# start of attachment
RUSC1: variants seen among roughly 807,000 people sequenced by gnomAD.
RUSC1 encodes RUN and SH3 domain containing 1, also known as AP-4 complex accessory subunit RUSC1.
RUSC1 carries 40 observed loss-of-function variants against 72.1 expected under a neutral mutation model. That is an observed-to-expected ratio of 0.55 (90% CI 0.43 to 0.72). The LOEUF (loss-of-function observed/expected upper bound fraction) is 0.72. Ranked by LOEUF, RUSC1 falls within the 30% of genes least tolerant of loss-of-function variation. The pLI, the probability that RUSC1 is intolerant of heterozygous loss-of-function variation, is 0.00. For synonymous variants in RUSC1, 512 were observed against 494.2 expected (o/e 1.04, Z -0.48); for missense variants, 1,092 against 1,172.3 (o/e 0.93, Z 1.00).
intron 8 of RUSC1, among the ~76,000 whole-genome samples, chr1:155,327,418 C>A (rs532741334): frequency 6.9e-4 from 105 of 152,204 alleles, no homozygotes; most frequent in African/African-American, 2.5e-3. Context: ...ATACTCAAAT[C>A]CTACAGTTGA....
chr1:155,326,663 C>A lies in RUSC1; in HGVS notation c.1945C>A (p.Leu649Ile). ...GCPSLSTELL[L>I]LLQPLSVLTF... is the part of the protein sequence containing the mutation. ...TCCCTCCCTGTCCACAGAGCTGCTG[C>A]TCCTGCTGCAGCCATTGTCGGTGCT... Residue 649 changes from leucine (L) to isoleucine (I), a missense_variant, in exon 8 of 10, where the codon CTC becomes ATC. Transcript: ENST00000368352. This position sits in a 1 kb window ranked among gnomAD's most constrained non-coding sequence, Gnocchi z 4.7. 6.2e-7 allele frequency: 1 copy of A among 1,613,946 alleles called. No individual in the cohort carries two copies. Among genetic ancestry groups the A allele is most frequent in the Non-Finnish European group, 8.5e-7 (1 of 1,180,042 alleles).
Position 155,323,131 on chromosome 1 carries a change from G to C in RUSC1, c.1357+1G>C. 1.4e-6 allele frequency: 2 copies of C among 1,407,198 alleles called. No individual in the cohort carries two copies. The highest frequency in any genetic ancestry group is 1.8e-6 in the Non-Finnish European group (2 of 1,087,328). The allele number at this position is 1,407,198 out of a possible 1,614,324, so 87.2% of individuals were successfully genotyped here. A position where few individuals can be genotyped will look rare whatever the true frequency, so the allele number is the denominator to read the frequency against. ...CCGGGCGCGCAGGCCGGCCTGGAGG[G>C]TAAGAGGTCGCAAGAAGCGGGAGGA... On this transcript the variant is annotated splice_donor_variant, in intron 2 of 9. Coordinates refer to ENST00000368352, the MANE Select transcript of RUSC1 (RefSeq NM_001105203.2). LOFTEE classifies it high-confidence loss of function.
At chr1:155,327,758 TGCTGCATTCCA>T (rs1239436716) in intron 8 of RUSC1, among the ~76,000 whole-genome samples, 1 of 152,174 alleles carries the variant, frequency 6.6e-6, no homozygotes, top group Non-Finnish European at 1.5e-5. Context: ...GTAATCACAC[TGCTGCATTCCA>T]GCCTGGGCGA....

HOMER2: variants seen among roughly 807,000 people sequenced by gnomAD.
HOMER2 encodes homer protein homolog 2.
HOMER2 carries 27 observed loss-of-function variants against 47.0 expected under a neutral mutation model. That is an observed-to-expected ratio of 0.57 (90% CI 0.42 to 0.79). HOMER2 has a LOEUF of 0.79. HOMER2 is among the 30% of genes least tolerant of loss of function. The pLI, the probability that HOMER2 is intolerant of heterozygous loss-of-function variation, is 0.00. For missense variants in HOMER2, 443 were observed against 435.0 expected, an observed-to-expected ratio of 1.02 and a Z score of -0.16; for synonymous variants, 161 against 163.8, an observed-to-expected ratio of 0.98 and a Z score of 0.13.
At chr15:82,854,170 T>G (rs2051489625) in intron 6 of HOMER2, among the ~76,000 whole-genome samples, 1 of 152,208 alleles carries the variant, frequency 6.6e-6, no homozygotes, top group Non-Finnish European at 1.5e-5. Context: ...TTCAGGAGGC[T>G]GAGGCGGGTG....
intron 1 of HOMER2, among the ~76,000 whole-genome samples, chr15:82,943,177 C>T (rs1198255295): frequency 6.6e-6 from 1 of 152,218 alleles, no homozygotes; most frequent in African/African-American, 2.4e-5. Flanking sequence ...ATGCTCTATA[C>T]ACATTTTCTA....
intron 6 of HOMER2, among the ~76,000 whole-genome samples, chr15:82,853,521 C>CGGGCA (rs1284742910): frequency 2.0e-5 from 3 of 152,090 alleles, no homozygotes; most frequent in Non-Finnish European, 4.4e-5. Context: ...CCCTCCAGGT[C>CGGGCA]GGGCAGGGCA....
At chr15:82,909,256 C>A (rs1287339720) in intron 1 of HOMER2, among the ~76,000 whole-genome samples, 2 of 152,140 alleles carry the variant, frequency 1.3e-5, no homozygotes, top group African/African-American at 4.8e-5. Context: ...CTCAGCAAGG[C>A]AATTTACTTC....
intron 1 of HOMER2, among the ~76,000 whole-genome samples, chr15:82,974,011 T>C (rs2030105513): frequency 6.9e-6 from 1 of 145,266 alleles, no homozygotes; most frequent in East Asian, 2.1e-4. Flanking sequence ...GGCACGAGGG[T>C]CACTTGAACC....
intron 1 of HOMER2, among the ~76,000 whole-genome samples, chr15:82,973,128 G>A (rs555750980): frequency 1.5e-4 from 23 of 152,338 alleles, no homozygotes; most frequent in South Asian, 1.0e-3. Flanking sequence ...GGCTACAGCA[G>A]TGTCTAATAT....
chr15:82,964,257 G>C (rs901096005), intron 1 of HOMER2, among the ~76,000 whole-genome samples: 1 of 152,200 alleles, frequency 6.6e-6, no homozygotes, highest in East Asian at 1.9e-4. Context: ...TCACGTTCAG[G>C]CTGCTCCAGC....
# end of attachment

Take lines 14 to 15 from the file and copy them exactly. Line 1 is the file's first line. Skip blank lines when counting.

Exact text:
At chr15:82,909,256 C>A (rs1287339720) in intron 1 of HOMER2, among the ~76,000 whole-genome samples, 2 of 152,140 alleles carry the variant, frequency 1.3e-5, no homozygotes, top group African/African-American at 4.8e-5. Context: ...CTCAGCAAGG[C>A]AATTTACTTC....
intron 1 of HOMER2, among the ~76,000 whole-genome samples, chr15:82,974,011 T>C (rs2030105513): frequency 6.9e-6 from 1 of 145,266 alleles, no homozygotes; most frequent in East Asian, 2.1e-4. Flanking sequence ...GGCACGAGGG[T>C]CACTTGAACC....